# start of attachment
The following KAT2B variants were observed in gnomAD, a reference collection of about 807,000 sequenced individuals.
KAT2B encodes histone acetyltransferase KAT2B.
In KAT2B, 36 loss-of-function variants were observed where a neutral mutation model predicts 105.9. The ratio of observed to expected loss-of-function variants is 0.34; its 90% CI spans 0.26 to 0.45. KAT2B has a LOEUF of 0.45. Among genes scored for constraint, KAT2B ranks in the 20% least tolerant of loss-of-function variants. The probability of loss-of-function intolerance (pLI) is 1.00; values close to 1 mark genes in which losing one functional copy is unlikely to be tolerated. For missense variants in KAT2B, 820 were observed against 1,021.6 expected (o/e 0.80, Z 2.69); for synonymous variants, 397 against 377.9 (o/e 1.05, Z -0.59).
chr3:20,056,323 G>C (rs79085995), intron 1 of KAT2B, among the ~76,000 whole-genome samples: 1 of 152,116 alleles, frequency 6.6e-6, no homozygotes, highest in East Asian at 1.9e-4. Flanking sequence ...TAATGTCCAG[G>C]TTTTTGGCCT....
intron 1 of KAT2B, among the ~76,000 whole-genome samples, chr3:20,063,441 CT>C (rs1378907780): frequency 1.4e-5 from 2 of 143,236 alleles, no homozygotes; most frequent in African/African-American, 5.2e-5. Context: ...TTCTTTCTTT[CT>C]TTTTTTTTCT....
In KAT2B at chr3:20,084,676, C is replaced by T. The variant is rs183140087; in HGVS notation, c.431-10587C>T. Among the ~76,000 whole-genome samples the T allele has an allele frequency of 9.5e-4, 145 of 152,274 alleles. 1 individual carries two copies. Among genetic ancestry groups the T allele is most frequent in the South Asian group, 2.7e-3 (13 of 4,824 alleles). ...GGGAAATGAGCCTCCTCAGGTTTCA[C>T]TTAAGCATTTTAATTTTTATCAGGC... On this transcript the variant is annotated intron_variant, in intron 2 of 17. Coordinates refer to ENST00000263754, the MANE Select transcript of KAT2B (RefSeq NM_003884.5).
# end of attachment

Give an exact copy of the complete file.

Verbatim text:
The following KAT2B variants were observed in gnomAD, a reference collection of about 807,000 sequenced individuals.
KAT2B encodes histone acetyltransferase KAT2B.
In KAT2B, 36 loss-of-function variants were observed where a neutral mutation model predicts 105.9. The ratio of observed to expected loss-of-function variants is 0.34; its 90% CI spans 0.26 to 0.45. KAT2B has a LOEUF of 0.45. Among genes scored for constraint, KAT2B ranks in the 20% least tolerant of loss-of-function variants. The probability of loss-of-function intolerance (pLI) is 1.00; values close to 1 mark genes in which losing one functional copy is unlikely to be tolerated. For missense variants in KAT2B, 820 were observed against 1,021.6 expected (o/e 0.80, Z 2.69); for synonymous variants, 397 against 377.9 (o/e 1.05, Z -0.59).
chr3:20,056,323 G>C (rs79085995), intron 1 of KAT2B, among the ~76,000 whole-genome samples: 1 of 152,116 alleles, frequency 6.6e-6, no homozygotes, highest in East Asian at 1.9e-4. Flanking sequence ...TAATGTCCAG[G>C]TTTTTGGCCT....
intron 1 of KAT2B, among the ~76,000 whole-genome samples, chr3:20,063,441 CT>C (rs1378907780): frequency 1.4e-5 from 2 of 143,236 alleles, no homozygotes; most frequent in African/African-American, 5.2e-5. Context: ...TTCTTTCTTT[CT>C]TTTTTTTTCT....
In KAT2B at chr3:20,084,676, C is replaced by T. The variant is rs183140087; in HGVS notation, c.431-10587C>T. Among the ~76,000 whole-genome samples the T allele has an allele frequency of 9.5e-4, 145 of 152,274 alleles. 1 individual carries two copies. Among genetic ancestry groups the T allele is most frequent in the South Asian group, 2.7e-3 (13 of 4,824 alleles). ...GGGAAATGAGCCTCCTCAGGTTTCA[C>T]TTAAGCATTTTAATTTTTATCAGGC... On this transcript the variant is annotated intron_variant, in intron 2 of 17. Coordinates refer to ENST00000263754, the MANE Select transcript of KAT2B (RefSeq NM_003884.5).